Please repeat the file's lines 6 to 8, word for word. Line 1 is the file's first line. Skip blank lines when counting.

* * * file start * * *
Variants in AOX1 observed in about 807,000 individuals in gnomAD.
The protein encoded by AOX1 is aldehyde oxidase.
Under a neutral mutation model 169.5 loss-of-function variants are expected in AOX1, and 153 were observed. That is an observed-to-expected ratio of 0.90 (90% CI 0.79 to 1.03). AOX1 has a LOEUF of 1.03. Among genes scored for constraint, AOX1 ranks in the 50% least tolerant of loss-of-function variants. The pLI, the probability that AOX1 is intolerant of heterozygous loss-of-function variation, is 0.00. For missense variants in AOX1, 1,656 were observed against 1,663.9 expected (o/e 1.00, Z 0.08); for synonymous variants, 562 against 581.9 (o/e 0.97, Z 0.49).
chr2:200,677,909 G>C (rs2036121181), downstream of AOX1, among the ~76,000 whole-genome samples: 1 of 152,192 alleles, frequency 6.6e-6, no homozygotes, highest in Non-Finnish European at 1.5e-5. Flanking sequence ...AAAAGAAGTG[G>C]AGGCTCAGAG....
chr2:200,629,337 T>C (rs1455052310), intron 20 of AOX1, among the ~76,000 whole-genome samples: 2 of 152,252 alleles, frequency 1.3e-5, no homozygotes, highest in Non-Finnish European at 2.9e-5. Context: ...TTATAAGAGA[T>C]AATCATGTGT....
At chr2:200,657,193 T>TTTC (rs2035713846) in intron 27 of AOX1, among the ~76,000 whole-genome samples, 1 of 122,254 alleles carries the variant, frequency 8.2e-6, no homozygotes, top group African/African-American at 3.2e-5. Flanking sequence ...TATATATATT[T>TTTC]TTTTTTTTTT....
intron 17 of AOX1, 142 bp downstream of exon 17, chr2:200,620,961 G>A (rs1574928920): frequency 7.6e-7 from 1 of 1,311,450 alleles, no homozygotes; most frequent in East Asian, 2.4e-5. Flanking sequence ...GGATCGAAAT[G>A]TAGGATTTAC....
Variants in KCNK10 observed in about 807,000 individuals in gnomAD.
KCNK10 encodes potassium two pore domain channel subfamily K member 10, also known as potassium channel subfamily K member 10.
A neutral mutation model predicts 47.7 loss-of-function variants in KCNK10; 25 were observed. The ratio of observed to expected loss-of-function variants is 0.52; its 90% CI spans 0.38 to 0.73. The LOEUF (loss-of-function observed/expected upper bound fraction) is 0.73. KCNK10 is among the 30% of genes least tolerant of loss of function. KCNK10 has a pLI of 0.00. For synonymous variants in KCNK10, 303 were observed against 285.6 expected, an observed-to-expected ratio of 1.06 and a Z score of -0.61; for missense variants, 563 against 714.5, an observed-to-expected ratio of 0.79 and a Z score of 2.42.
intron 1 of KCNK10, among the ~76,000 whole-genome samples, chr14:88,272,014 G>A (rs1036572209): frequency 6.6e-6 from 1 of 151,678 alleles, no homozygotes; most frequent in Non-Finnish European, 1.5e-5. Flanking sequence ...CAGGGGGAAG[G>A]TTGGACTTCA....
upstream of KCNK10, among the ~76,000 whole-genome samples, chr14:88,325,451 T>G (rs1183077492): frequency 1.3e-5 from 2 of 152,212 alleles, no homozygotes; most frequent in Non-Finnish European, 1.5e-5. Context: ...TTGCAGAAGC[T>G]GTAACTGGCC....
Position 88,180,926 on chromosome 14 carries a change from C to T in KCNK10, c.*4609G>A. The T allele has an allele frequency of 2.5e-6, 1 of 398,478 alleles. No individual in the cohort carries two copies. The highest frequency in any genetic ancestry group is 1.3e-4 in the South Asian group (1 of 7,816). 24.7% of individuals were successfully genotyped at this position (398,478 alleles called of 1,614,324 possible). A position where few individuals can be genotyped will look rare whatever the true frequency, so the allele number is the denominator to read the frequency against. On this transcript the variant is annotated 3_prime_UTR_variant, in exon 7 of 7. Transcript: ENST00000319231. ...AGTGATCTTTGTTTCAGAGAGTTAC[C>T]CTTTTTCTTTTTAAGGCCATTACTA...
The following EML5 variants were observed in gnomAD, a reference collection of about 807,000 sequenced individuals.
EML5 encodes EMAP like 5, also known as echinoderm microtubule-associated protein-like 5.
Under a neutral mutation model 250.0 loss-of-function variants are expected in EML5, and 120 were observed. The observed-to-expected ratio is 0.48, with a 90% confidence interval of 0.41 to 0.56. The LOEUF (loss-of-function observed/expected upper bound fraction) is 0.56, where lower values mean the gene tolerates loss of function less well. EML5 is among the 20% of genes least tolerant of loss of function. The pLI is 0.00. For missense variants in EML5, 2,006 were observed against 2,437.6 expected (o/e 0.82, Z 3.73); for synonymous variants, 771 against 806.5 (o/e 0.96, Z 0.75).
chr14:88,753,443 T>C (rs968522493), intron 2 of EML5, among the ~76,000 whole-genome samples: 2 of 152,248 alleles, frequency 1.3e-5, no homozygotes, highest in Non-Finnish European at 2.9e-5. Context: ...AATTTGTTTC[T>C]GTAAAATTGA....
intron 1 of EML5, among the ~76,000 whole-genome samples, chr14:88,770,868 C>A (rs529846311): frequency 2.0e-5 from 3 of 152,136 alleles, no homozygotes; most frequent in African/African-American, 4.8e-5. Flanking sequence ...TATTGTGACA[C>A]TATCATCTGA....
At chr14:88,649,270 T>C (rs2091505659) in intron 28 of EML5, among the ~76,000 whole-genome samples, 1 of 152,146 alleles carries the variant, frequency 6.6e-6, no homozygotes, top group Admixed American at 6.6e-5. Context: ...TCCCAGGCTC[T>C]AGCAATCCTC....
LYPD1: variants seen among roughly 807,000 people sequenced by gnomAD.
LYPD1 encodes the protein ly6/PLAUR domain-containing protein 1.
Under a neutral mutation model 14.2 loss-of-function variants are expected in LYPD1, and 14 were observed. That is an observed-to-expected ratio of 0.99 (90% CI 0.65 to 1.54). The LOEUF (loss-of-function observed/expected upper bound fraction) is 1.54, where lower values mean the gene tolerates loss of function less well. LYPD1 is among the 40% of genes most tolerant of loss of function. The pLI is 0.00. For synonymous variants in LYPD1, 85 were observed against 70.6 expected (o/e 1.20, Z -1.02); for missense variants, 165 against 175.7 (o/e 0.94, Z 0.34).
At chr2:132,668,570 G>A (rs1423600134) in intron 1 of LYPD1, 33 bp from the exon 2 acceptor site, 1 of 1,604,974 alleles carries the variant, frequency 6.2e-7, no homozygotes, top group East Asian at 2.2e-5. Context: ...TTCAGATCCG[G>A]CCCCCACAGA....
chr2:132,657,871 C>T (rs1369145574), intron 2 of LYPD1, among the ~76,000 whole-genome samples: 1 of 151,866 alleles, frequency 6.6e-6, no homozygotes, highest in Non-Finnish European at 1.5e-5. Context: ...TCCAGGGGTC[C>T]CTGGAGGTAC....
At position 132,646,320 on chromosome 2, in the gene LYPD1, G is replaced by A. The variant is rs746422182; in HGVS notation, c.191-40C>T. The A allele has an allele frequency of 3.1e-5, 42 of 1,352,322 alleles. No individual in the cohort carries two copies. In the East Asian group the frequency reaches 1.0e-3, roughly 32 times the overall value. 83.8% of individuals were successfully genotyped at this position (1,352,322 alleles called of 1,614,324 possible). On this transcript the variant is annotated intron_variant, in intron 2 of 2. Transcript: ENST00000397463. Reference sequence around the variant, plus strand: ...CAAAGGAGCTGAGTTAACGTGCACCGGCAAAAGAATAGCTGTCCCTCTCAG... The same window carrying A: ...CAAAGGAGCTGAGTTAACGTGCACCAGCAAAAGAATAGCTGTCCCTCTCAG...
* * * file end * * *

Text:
At chr2:200,657,193 T>TTTC (rs2035713846) in intron 27 of AOX1, among the ~76,000 whole-genome samples, 1 of 122,254 alleles carries the variant, frequency 8.2e-6, no homozygotes, top group African/African-American at 3.2e-5. Flanking sequence ...TATATATATT[T>TTTC]TTTTTTTTTT....
intron 17 of AOX1, 142 bp downstream of exon 17, chr2:200,620,961 G>A (rs1574928920): frequency 7.6e-7 from 1 of 1,311,450 alleles, no homozygotes; most frequent in East Asian, 2.4e-5. Flanking sequence ...GGATCGAAAT[G>A]TAGGATTTAC....
Variants in KCNK10 observed in about 807,000 individuals in gnomAD.